Hardware development is different; it involves physical pieces and is done in chunks. For example, board layout with multiple components and complicated routing is a one-person job.

Aaron and the small team have succeeded at creating the hardware. No further contributions are necessary towards its development. Improv works and works well.

However, there is another big difference between hardware and software—cost. Creating software has no out-of-pocket expense beyond the initial investment in a computer. Distributing one more copy of a KDE application has virtually no associated cost. On the other hand, hardware has a direct cost. Designing a printed circuit board is mostly done in software. But there is a cost to prototype and produce each copy of that physical board.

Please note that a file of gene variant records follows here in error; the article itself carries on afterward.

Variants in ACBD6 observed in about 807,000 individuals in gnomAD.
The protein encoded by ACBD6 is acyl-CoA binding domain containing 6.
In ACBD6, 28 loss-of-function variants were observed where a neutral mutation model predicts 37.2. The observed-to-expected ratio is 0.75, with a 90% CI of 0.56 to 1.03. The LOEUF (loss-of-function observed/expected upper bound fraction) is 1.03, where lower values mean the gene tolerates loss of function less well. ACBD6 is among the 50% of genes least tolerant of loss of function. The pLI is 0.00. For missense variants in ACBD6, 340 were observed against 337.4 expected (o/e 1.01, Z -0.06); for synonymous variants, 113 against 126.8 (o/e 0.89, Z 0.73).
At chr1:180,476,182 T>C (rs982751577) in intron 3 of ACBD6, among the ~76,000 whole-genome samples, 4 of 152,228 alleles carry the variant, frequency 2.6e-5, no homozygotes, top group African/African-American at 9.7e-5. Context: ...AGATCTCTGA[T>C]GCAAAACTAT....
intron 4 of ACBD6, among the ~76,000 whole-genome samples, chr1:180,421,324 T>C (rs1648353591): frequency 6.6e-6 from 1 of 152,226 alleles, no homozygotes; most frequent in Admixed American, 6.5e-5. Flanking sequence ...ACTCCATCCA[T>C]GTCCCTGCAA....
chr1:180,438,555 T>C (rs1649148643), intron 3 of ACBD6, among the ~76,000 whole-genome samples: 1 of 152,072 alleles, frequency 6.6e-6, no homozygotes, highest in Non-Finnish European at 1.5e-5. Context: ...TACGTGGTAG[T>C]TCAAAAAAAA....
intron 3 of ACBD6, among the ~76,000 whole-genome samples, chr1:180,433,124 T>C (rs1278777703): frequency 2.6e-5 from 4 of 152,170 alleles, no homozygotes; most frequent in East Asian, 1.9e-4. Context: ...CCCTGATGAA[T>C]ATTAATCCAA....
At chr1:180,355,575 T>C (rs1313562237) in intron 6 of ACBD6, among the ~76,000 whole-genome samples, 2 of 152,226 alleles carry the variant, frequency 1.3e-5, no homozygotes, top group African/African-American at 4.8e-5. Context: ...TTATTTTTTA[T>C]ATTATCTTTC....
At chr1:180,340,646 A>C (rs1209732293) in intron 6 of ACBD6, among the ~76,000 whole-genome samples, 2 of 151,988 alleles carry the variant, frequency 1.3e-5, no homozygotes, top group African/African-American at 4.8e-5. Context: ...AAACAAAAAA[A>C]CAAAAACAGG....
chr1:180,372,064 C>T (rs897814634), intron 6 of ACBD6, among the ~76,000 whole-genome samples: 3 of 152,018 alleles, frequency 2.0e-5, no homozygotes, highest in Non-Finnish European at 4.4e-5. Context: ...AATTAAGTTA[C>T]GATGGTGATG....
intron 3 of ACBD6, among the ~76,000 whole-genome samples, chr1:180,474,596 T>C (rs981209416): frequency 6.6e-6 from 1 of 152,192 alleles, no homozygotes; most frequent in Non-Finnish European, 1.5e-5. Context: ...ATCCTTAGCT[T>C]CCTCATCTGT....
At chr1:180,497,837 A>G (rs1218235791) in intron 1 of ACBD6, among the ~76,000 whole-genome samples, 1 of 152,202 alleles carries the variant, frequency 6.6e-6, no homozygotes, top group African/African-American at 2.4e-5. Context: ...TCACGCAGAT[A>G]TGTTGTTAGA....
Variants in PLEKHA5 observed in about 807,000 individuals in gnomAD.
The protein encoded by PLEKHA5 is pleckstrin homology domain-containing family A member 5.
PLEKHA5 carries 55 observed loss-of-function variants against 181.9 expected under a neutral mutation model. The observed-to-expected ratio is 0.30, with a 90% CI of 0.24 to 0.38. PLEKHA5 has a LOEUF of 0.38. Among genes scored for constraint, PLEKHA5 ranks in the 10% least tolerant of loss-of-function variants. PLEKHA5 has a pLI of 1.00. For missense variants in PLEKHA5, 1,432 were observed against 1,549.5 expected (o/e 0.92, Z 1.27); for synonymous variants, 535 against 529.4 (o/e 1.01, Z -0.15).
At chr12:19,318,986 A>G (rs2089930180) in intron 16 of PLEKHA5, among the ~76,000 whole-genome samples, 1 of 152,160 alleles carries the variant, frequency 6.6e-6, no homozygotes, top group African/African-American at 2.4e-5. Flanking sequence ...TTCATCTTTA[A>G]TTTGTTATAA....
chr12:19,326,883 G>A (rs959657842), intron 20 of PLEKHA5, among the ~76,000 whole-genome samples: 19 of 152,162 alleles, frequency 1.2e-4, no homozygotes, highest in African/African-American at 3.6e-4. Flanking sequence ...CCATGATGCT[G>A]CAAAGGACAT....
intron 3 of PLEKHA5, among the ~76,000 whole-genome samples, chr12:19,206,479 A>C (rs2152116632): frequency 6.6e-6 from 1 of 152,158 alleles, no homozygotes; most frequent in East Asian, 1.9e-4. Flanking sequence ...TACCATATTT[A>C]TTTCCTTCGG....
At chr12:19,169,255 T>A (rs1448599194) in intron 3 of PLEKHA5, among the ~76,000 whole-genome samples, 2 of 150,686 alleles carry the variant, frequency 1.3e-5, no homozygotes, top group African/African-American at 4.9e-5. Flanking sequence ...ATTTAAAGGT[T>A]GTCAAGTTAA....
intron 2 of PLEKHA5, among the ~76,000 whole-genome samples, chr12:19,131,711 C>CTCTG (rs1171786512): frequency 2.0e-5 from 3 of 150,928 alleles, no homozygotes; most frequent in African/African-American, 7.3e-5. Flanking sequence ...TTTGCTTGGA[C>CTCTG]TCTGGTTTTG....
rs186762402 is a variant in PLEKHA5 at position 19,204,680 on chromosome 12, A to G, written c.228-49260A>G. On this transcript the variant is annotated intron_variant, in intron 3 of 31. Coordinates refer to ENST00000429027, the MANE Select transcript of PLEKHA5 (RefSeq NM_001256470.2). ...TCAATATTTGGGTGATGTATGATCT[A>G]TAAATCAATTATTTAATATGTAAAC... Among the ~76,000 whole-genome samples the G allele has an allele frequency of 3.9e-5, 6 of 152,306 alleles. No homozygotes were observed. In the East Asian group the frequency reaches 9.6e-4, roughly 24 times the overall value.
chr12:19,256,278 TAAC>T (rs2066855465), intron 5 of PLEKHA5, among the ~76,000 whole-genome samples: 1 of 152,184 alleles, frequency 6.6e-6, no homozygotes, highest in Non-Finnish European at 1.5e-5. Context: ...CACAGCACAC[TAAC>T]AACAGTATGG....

Aaron and a few others have personally paid these development costs. As can be inferred from the budgets mentioned above, Improv hardware development has not come cheap. There are no venture capitalists handing out money on this project. This is not a get-rich-quick scheme. It is a many year project, involving considerable personal sacrifice on behalf of KDE and free/open technology. Improv is based on generosity, not greed.

The team had high expectations that Improv pre-production sales would be enough to cover these expenses. They will eventually, but people want to get their hands on Improvs now. Delivery delays harm the project.

Please lend a hand

Funding is needed for the direct costs associated with manufacturing: electronic parts, feature board assembly and CPU cards.

Hundreds of people have already supported the project by buying an Improv.

You can help...
Consider buying an Improv, even if you don’t plan to play with it. Give it to a student who has just started learning about technology.